New Orleans traditional beignets with mardi gras beads on rustic wood table with chicory coffee, aerial view.

Denmark – Fastelavn

In Denmark, to mark the coming of Lent, Fastelavn, or Shrovetide, takes place seven weeks before Easter Monday on a Sunday. A popular treat to enjoy during celebrations is fastelavnsboller, or lent buns (pictured below). Found in Danish bakeries and supermarkets in the weeks leading up to fastelavn, the pastry buns are filled with cream or jam and topped with fruits, chocolate or icing.

Fastelavnsbolle or Fastelavn cakes are a Danish delicacy made and eaten in great quantities in many parts of Scandinavia in the period up to the beginning of Lent. Made from puff pastry and filled with cream and or jam and topped with a variety of different flavours, fruits, chocolate and icing. Colour, vertical format with some copy space.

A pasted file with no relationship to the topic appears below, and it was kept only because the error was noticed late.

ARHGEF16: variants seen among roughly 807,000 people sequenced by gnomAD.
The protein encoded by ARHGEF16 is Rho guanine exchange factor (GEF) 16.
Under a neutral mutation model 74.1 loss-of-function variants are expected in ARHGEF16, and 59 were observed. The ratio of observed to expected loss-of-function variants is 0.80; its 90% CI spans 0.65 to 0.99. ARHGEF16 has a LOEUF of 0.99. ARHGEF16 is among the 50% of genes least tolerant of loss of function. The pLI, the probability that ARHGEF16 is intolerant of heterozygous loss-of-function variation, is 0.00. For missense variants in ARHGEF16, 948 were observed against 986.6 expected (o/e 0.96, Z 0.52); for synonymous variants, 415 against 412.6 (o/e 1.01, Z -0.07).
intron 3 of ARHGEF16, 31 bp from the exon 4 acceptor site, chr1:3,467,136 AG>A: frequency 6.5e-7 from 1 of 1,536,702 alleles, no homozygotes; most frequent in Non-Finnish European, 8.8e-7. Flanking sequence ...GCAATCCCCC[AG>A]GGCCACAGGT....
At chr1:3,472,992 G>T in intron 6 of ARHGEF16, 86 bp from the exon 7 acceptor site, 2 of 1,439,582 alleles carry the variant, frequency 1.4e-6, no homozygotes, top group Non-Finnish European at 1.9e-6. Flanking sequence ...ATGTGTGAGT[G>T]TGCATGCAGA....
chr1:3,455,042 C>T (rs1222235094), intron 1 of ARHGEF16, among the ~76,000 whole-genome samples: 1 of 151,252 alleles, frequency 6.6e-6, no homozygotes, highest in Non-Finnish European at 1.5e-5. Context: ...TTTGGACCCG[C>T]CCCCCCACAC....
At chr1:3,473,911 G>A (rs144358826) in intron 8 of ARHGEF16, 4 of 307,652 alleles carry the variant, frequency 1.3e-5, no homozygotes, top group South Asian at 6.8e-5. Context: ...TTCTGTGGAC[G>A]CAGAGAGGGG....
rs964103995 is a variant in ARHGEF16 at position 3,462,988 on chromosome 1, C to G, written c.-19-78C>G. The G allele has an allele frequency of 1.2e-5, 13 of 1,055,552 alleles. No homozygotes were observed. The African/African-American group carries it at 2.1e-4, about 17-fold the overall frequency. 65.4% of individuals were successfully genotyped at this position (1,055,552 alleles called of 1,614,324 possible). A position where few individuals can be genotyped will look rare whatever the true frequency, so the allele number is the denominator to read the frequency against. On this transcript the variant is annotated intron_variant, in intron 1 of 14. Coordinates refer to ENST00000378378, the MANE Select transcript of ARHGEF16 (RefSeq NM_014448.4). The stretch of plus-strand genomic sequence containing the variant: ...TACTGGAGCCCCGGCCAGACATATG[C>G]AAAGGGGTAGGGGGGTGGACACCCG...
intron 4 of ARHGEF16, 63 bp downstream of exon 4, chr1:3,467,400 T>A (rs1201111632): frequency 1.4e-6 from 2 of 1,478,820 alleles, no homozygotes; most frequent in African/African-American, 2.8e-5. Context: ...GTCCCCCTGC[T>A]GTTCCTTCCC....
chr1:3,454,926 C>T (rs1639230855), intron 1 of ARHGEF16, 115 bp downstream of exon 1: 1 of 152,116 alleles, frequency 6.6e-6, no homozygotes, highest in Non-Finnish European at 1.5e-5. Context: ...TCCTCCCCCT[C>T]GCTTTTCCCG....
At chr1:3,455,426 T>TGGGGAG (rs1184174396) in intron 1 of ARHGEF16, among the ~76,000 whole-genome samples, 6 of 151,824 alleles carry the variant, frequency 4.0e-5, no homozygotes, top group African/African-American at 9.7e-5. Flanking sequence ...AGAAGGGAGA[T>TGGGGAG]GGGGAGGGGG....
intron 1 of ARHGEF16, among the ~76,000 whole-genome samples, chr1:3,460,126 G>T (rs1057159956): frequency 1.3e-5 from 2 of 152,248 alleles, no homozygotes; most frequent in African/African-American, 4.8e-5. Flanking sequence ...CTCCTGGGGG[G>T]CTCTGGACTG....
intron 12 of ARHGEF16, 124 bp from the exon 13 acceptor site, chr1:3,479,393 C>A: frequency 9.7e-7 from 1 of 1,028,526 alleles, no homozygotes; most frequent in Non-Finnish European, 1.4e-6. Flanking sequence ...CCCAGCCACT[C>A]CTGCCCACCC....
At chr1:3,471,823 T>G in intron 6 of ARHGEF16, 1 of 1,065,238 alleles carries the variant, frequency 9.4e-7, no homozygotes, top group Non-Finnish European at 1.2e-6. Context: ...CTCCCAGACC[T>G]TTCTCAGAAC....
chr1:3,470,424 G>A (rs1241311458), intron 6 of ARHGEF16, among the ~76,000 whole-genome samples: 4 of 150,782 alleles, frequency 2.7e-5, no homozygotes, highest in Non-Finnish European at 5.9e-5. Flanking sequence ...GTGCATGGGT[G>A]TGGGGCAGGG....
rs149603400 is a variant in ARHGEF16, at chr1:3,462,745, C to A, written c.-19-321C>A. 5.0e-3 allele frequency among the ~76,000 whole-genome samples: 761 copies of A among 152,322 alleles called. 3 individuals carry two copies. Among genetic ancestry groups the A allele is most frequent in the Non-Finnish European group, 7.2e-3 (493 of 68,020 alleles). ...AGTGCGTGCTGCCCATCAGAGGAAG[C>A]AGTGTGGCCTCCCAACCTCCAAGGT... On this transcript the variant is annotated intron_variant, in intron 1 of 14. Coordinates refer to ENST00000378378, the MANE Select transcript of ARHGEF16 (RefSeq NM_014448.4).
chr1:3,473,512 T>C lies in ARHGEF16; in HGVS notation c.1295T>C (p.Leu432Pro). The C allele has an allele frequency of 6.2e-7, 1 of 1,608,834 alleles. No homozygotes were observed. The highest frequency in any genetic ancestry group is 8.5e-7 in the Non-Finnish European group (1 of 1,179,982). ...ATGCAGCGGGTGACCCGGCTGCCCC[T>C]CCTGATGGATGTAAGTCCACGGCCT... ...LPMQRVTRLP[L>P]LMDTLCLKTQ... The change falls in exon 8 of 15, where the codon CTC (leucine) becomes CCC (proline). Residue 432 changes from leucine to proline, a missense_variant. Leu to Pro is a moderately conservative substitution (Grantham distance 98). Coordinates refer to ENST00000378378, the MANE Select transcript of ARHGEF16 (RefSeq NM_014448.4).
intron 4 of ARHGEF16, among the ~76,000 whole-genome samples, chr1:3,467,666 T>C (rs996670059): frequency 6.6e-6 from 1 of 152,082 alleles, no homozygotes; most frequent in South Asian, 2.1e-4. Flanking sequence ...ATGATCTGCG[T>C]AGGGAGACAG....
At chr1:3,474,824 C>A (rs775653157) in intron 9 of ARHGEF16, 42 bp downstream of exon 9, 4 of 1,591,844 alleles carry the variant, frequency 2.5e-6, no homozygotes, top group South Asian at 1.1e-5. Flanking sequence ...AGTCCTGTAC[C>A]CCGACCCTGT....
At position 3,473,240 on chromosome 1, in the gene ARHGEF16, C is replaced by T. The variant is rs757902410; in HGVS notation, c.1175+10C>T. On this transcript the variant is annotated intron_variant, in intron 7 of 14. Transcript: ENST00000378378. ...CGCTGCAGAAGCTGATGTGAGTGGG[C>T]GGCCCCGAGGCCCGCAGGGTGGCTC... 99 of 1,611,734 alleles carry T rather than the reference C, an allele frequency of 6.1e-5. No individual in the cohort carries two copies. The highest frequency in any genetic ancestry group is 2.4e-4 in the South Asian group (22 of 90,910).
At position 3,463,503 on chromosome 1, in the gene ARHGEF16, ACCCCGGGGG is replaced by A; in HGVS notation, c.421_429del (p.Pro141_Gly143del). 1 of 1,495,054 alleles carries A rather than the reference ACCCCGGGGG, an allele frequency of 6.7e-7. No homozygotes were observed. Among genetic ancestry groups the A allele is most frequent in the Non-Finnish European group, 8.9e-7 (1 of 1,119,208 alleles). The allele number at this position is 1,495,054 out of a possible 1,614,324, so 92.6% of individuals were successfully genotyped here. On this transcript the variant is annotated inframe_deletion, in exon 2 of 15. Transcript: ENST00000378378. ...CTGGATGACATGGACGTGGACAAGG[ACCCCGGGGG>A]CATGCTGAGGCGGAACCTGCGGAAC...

Canada – Shrove Tuesday

Similar to how we celebrate in the UK, Canadians celebrate Shrove Tuesday with pancakes, using up any eggs, milk and butter before the start of lent. The UK's staple lemon and sugar is swapped for maple syrup and bacon, along with more unfamiliar toppings such as partridgeberry jam and sausages. Many pancakes also include small objects in the mix, such as coins, buttons, rings or bits of string, with each object symbolising a certain fate (it's believed that those who find coins in their pancakes will become rich).

Woman Eating Freshly Made Pancakes Or Crepes With Syrup And Berries On Table For Pancake Day

Trinidad and Tobago – Carnival

Held on the Monday and Tuesday before Ash Wednesday, the Trinidad and Tobago Carnival is an annual event famous for its colourful costumes, calypso music and energetic celebrations. Food is integral to Carnival, with popular street food dishes including corn soup and doubles (pictured below) — two pieces of flat fried bread filled with curried chickpeas, with condiments such as hot pepper sauce, pickled green mango and tamarind chutney.